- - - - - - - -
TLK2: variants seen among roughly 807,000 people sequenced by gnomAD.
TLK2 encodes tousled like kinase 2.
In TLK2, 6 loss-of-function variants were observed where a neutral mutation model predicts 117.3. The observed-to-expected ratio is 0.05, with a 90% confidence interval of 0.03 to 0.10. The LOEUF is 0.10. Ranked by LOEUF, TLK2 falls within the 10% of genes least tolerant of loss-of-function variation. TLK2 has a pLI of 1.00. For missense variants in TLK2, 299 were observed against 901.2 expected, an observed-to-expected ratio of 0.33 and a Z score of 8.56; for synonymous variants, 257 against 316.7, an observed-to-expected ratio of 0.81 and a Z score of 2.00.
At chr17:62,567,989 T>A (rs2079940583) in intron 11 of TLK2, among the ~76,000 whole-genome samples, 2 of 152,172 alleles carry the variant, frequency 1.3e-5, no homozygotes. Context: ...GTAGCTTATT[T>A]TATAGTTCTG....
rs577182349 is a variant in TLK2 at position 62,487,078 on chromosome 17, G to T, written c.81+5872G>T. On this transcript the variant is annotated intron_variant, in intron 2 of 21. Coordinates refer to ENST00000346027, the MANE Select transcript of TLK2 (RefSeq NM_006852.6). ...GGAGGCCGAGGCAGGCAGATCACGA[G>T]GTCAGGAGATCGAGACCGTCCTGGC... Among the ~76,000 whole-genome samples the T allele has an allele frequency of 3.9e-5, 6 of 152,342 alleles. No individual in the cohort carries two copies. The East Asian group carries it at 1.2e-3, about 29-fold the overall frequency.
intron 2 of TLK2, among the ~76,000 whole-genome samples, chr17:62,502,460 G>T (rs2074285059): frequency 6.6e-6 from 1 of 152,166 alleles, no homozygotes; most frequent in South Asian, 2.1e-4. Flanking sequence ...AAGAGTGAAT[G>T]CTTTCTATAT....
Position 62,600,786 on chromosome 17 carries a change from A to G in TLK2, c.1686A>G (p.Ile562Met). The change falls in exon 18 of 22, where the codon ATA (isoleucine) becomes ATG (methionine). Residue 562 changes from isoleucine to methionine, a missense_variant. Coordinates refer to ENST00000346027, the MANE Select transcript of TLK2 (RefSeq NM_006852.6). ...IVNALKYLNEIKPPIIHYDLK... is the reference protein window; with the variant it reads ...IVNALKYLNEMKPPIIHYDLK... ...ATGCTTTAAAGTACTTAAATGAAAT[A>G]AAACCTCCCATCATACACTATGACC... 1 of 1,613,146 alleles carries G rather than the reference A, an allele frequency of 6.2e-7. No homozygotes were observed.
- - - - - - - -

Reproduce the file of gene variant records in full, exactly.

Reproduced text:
TLK2: variants seen among roughly 807,000 people sequenced by gnomAD.
TLK2 encodes tousled like kinase 2.
In TLK2, 6 loss-of-function variants were observed where a neutral mutation model predicts 117.3. The observed-to-expected ratio is 0.05, with a 90% confidence interval of 0.03 to 0.10. The LOEUF is 0.10. Ranked by LOEUF, TLK2 falls within the 10% of genes least tolerant of loss-of-function variation. TLK2 has a pLI of 1.00. For missense variants in TLK2, 299 were observed against 901.2 expected, an observed-to-expected ratio of 0.33 and a Z score of 8.56; for synonymous variants, 257 against 316.7, an observed-to-expected ratio of 0.81 and a Z score of 2.00.
At chr17:62,567,989 T>A (rs2079940583) in intron 11 of TLK2, among the ~76,000 whole-genome samples, 2 of 152,172 alleles carry the variant, frequency 1.3e-5, no homozygotes. Context: ...GTAGCTTATT[T>A]TATAGTTCTG....
rs577182349 is a variant in TLK2 at position 62,487,078 on chromosome 17, G to T, written c.81+5872G>T. On this transcript the variant is annotated intron_variant, in intron 2 of 21. Coordinates refer to ENST00000346027, the MANE Select transcript of TLK2 (RefSeq NM_006852.6). ...GGAGGCCGAGGCAGGCAGATCACGA[G>T]GTCAGGAGATCGAGACCGTCCTGGC... Among the ~76,000 whole-genome samples the T allele has an allele frequency of 3.9e-5, 6 of 152,342 alleles. No individual in the cohort carries two copies. The East Asian group carries it at 1.2e-3, about 29-fold the overall frequency.
intron 2 of TLK2, among the ~76,000 whole-genome samples, chr17:62,502,460 G>T (rs2074285059): frequency 6.6e-6 from 1 of 152,166 alleles, no homozygotes; most frequent in South Asian, 2.1e-4. Flanking sequence ...AAGAGTGAAT[G>T]CTTTCTATAT....
Position 62,600,786 on chromosome 17 carries a change from A to G in TLK2, c.1686A>G (p.Ile562Met). The change falls in exon 18 of 22, where the codon ATA (isoleucine) becomes ATG (methionine). Residue 562 changes from isoleucine to methionine, a missense_variant. Coordinates refer to ENST00000346027, the MANE Select transcript of TLK2 (RefSeq NM_006852.6). ...IVNALKYLNEIKPPIIHYDLK... is the reference protein window; with the variant it reads ...IVNALKYLNEMKPPIIHYDLK... ...ATGCTTTAAAGTACTTAAATGAAAT[A>G]AAACCTCCCATCATACACTATGACC... 1 of 1,613,146 alleles carries G rather than the reference A, an allele frequency of 6.2e-7. No homozygotes were observed.